Tuesday, January 18, 2011

California Is DOOMED

Leave now, while there's still time: "California faces the risk of a massive 'superstorm' that could flood a quarter of the state's homes and cause $300 billion to $400 billion in damage. [...] Such a superstorm is hypothetical but not improbable...."

Hypothetical dangers: something to which CA public officials have proven themselves unusually sensitive. Residents of the central valley may find themselves being preemptively evacuated -- or required to purchase a rubber raft.


Home on the Range said...

I lived there 8 years when I was going to grad school. Went through two earthquakes, one of which literally knocked me out of bed onto the floor as I watched a crack the size of Michael Moore's posterior form in the ceiling above me. Not a good feeling.

Parts of the state are beautiful, but you couldn't get me back there with dark chocolate or a bullwhip.

Hat Trick said...

I like the subtle hyperbole of their acronym "ARk".

Adrian K said...

It's called a Pineapple Express. We get those all the time here in Washington State.

The temperatures get about 10-15F warmer and it rains like mad for about a week or so before an Alaskan low rolls in and cools us off. Jet Stream taps into tropical moisture from north of Hawaii and pumps it up this way. Most of the rivers and lahar-filled valleys do flood.

If they're just now figuring out that it's possible for those things to miss low and flood much of the various Valleys, then they haven't been paying much attention to anything outside of La-La Land.

perlhaqr said...

I suppose that's one way for them to try to justify giving CA a whole bunch of federal money.

Don said...

All those armchair meteorologists...sheesh...

Holy Chicken Littles, Batman.

As Adrian K pointed out, these things develop all the time. During the 3 years I was stationed at Vandenberg AFB ('96-'99) we had at least one decent one per year directly over Pt. Concepcion.

I agree with Brigid about going back there. No way, no how. I thought the coastal areas between Santa Barbara and San Luis Obispo were nice enough, but the rest of the state was like landing on another planet.

Anonymous said...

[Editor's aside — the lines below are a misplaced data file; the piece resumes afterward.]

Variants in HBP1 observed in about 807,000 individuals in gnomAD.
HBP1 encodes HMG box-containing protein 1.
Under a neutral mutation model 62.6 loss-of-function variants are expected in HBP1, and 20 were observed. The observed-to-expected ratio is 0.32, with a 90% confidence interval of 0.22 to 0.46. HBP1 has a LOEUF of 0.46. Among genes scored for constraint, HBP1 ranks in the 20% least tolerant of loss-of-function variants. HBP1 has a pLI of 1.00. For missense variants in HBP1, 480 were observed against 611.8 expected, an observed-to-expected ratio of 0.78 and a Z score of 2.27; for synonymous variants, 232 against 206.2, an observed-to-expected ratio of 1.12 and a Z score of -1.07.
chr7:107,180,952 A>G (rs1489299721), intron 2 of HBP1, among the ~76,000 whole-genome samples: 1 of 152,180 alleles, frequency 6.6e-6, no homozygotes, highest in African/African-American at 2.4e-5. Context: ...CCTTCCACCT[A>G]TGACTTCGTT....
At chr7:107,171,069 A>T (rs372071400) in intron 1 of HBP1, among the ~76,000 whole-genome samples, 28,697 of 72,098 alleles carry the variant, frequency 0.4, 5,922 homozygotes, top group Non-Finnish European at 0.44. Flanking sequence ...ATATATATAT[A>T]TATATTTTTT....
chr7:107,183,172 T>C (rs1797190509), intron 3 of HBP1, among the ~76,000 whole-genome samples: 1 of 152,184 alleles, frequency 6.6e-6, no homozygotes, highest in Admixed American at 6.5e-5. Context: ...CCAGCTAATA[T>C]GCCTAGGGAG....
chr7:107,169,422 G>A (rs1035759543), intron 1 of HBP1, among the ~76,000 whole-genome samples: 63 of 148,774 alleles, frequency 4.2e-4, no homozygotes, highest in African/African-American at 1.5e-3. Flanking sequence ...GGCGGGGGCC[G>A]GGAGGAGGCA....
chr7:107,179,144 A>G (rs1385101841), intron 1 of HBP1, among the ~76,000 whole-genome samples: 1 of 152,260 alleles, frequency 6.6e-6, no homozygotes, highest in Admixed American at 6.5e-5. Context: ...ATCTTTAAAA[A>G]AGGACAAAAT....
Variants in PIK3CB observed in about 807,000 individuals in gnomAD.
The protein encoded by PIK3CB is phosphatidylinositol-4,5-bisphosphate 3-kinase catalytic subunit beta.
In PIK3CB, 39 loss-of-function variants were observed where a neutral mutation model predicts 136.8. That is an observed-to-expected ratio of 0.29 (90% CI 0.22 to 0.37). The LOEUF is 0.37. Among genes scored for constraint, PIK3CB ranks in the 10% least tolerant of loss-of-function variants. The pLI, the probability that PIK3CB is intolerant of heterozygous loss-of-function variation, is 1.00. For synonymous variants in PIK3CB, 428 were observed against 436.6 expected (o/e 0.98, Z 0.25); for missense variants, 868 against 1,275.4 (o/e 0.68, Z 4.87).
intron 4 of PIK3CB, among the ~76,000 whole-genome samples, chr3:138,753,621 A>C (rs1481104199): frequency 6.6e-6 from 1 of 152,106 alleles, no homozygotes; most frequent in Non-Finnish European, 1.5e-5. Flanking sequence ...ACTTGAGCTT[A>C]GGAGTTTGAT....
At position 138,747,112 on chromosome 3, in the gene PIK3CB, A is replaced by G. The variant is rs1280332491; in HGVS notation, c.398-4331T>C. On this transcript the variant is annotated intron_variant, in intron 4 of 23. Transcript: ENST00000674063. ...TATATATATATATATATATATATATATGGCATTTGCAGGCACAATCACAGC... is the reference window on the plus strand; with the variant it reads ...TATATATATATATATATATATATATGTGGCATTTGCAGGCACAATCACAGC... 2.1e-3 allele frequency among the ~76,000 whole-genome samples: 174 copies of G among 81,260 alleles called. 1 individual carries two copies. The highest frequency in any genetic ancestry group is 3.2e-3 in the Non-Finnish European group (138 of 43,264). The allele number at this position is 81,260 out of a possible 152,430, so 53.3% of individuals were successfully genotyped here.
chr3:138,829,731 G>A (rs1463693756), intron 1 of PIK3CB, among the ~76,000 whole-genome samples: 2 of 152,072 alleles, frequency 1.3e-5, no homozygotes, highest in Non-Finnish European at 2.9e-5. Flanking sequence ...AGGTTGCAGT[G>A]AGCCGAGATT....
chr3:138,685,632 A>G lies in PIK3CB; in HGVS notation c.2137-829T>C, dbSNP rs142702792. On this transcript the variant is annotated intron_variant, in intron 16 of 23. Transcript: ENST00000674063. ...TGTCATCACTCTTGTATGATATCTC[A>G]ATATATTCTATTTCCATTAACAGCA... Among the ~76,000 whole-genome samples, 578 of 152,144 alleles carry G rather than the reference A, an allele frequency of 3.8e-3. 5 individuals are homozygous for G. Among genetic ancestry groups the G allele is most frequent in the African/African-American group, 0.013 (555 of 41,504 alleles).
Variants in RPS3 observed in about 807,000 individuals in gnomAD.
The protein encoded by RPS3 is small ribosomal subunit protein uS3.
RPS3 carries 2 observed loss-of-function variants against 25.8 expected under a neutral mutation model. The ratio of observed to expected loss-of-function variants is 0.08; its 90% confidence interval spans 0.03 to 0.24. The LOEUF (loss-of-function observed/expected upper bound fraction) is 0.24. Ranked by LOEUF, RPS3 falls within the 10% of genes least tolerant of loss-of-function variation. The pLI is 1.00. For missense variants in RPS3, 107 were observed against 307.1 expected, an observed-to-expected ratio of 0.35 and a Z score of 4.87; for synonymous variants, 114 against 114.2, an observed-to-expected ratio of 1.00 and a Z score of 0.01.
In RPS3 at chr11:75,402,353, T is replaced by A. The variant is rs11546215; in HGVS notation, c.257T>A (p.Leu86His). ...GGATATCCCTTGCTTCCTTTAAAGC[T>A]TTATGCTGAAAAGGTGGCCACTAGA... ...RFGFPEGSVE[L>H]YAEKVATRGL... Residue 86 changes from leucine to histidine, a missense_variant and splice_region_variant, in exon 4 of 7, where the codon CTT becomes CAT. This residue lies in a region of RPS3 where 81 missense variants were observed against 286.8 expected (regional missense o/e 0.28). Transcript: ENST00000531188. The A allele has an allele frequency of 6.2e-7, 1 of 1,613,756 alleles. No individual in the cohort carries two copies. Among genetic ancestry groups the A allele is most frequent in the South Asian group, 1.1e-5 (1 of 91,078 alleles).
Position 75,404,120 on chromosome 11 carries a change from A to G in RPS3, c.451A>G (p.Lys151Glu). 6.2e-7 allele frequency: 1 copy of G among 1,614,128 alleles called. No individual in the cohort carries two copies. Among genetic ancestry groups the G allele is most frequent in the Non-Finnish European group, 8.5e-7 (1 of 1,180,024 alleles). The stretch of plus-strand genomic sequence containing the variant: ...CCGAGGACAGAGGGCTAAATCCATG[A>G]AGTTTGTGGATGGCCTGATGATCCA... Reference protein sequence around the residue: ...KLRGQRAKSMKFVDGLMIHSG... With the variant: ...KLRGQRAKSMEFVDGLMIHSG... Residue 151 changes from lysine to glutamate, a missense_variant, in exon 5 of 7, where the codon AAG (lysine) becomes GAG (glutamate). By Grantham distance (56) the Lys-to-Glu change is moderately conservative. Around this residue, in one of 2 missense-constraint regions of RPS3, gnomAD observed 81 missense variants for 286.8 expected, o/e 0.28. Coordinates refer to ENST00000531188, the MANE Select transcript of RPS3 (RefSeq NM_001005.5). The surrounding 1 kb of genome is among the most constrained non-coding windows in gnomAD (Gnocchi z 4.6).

Got to California in '74, left in '80. I'm glad of it, and a few trips back just reinforce that attitude.

California would be a wonderful place to live if so many other people didn't think so.

Skip said...

Help! I'm trapped here in the Valley.
They tell us we are gonna drown, and take away our guns, and we are gonna have blood in the streets.
Lessee, I still have my 'armory of assault wepons' I shoot at the range with the DA every Sunday, taxes are still as last year, my CCL is still good, one hour to the slopes and one hour to the surf.

Roberta X said...

A successful adaptation to your environment! :)

I seem to recall a CA flood of the exact sort this article describes in Heinlein's Year Of The Jackpot.

(Which links through to an interesting economic theory).

ViolentIndifference said...

(Bender) Doomed. Dooooooooomed. (/Bender)

Tango Juliet said...

And this coupled with their self-induced financial woes.

They are doomed.

Trouble is, CA refugees will flood into the rest of the US bringing with them their insane and juvenile concepts of man vs .gov.

Won't be good for the rest of us either.

Maybe we really need a fence on the CA border?

og said...

Certainly, why bother paying attention to all the actual danger, like bankruptcy, crime,earthquake, and the nest Police academy movie, when there are so many imaginary dangers from which to run screaming with your hair on fire?

Josh Kruschke said...

Do worry the EPA has all the water blocked off, to the central vallley, to save a minnow. You are more likely to choke to death on dust than you are of drowning in a flood.